The OCTA began funding rail operations with the Orange County Commuter, which Amtrak started operating in early 1990 running between Los Angeles Union Station and San Juan Capistrano with stops in Commerce, Fullerton, Anaheim, Orange, Santa Ana and Irvine. After being tasked by the California Senate to create a joint commuter rail program with other local authorities, the OCTA became a founding member of the Southern California Regional Rail Authority, which later adopted the brand name Metrolink.
The Orange County Commuter was subsequently transferred to Metrolink, becoming the Orange County Line. With the Metrolink takeover in 1994, the southern terminus moved to Oceanside and five infill stations were added: San Clemente and Norwalk/Santa Fe Springs in 1995, Tustin and Laguna Niguel/Mission Viejo in 2002, and Buena Park in 2007. Starting in 2005, OCTA has funded greatly expanded service on the Orange County Line, with trains now running twenty hours daily, seven days a week, as often as every 30 minutes. Additional platforms were added at the Fullerton and Laguna Niguel/Mission Viejo stations to accommodate the additional trains.
Metrolink's Inland Empire–Orange County Line began operations in October 1995 between Riverside and Irvine; it was the first suburb-to-suburb commuter rail in the U.S. at the time. The line was later extended and now operates between San Bernardino and Oceanside.
Metrolink also added a third line through Orange County on May 6, 2002, the 91 Line, later renamed the 91/Perris Valley Line. The service initially operated between Los Angeles Union Station and Riverside–Downtown station via Buena Park, Fullerton, and Corona, roughly paralleling part of the route of the namesake California State Route 91. Limited weekend service began in July 2014. On June 6, 2016, service was extended beyond Riverside to Moreno Valley and Perris–South station in Perris.
Main article: OC Streetcar
As of 2016[update], OCTA is collaborating with the cities of Santa Ana and Garden Grove to build the OC Streetcar, a 4.15-mile (6.68 km), 12-station light rail line along Santa Ana Boulevard and 4th Street in the two cities, using portions of the West Santa Ana Branch of the old Pacific Electric right-of-way. The western terminus of the proposed route would follow the Pacific Electric right-of-way near the intersection of Harbor Boulevard and Westminster Avenue in Garden Grove, then along street running track on Santa Ana Boulevard into Downtown Santa Ana, where it would reach the Santa Ana Regional Transportation Center at its eastern terminus. In February 2016, $125 million towards the project was included in the proposed United States federal budget for the 2016-17 fiscal year. OCTA began construction in 2018 and plans to open the project in 2023.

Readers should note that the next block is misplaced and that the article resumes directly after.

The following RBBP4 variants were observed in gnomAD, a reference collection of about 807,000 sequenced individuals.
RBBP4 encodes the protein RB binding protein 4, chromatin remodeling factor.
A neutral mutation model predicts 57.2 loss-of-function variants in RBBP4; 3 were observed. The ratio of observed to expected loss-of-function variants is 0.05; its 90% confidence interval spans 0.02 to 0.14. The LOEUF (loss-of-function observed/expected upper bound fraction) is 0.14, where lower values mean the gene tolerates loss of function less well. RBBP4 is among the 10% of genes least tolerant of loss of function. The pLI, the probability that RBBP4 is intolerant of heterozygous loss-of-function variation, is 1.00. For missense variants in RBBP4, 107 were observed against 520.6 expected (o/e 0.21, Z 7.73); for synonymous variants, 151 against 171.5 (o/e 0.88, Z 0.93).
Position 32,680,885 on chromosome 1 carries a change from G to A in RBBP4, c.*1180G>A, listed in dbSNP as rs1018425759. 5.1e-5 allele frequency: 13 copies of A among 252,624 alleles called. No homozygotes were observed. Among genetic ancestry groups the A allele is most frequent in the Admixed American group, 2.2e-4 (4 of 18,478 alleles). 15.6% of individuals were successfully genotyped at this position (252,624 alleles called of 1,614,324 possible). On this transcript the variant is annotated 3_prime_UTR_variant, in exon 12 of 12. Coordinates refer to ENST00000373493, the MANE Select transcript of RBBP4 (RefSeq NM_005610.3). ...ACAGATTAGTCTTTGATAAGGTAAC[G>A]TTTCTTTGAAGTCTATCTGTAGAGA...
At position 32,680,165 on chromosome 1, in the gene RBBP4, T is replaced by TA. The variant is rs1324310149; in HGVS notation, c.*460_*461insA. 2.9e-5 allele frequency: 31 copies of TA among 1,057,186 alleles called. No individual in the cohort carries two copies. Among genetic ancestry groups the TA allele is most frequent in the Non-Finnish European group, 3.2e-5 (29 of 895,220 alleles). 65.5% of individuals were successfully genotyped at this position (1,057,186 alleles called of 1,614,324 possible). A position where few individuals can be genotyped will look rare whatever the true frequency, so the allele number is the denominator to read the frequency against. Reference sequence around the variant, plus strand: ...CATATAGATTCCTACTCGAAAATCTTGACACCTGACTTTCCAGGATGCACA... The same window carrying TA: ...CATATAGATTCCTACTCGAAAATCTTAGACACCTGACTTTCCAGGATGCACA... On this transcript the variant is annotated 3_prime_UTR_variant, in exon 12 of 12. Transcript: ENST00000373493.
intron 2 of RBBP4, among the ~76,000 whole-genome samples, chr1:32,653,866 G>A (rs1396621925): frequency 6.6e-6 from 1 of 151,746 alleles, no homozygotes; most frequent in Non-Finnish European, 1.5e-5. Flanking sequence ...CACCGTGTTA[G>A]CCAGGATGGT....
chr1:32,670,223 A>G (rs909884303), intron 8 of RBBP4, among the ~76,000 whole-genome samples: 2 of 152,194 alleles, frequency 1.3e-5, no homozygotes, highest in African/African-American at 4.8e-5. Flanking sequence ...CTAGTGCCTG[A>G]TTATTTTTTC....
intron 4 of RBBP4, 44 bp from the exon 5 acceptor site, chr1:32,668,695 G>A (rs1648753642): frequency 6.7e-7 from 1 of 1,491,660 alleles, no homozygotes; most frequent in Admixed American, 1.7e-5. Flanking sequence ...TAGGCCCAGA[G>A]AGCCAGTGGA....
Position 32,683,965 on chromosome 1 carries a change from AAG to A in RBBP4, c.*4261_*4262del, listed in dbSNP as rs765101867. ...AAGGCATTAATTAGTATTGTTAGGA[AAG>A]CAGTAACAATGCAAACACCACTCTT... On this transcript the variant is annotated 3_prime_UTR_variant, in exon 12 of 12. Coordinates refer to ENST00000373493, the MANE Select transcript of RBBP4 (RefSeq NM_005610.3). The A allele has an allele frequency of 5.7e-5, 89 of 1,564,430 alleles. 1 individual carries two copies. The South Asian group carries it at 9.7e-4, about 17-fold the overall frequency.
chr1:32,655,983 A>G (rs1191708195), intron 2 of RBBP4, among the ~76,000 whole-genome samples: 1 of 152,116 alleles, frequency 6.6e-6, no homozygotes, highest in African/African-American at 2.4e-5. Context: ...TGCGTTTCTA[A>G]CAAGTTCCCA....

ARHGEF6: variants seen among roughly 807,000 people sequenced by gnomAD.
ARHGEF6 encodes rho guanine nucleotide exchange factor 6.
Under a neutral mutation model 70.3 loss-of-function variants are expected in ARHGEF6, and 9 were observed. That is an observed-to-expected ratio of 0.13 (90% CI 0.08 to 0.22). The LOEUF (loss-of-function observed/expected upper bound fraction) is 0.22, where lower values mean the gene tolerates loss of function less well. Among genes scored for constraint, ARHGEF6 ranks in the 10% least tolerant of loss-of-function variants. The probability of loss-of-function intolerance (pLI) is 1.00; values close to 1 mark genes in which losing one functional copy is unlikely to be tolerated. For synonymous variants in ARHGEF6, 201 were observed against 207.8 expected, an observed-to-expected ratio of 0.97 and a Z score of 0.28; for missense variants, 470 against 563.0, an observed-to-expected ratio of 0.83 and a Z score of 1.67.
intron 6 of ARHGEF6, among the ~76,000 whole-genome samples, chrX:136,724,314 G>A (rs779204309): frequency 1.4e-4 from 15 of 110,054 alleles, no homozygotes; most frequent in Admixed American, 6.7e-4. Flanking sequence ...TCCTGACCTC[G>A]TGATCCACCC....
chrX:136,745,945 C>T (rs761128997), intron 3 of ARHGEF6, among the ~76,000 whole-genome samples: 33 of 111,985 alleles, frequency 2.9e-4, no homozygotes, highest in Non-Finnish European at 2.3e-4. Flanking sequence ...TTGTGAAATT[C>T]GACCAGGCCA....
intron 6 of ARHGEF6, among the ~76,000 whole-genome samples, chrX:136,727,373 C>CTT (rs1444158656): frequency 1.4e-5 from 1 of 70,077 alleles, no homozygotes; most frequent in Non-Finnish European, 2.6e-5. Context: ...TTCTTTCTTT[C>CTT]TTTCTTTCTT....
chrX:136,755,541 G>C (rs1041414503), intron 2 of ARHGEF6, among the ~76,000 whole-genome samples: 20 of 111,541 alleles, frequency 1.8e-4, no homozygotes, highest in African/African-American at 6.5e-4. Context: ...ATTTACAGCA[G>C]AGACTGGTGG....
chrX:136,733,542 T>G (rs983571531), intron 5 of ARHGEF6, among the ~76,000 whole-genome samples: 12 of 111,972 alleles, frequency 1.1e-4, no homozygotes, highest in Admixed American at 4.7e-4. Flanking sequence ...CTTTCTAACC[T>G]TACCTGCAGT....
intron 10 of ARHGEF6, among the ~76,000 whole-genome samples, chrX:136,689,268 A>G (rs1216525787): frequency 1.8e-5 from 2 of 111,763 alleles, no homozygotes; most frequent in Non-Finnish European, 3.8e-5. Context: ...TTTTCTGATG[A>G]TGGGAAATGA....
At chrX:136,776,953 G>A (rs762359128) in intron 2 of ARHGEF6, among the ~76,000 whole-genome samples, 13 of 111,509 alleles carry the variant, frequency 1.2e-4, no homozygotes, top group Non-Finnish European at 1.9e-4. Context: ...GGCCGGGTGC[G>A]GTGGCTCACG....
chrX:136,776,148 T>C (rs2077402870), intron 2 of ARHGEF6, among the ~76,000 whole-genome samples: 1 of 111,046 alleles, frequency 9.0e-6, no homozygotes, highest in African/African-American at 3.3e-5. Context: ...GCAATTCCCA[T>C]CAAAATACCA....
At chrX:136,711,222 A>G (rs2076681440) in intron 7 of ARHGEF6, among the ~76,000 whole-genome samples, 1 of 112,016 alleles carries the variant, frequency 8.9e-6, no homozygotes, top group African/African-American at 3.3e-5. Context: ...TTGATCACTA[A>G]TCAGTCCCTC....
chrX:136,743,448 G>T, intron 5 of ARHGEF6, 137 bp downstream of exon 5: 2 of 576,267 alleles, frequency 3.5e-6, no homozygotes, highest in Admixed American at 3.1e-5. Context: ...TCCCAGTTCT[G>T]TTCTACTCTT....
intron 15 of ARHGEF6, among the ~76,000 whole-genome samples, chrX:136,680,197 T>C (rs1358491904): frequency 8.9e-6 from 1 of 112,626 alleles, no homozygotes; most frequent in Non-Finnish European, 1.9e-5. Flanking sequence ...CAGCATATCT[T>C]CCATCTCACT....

The CenterLine was a proposed 9.3-mile (15 km) light rail system serving Irvine, Costa Mesa and Santa Ana. It was originally planned in the 1990s and was intended to open in 2009. Costing $1 billion, it was originally envisioned as a 30-mile (48 km) route that would run from Fullerton to Irvine, through Anaheim, Orange, Santa Ana and Costa Mesa. The route would have served destinations including John Wayne Airport, South Coast Metro, South Coast Plaza, Santa Ana College and downtown Santa Ana.
While OCTA secured funding through Measure M, lack of support from Orange County's congressional representatives resulted in no federal funds obtained for the proposed transit line. In February 2005, the CenterLine was suspended indefinitely, and in May 2005, the plan was officially scrapped in favor of expanding express bus service throughout Orange County and improving existing Metrolink commuter rail service.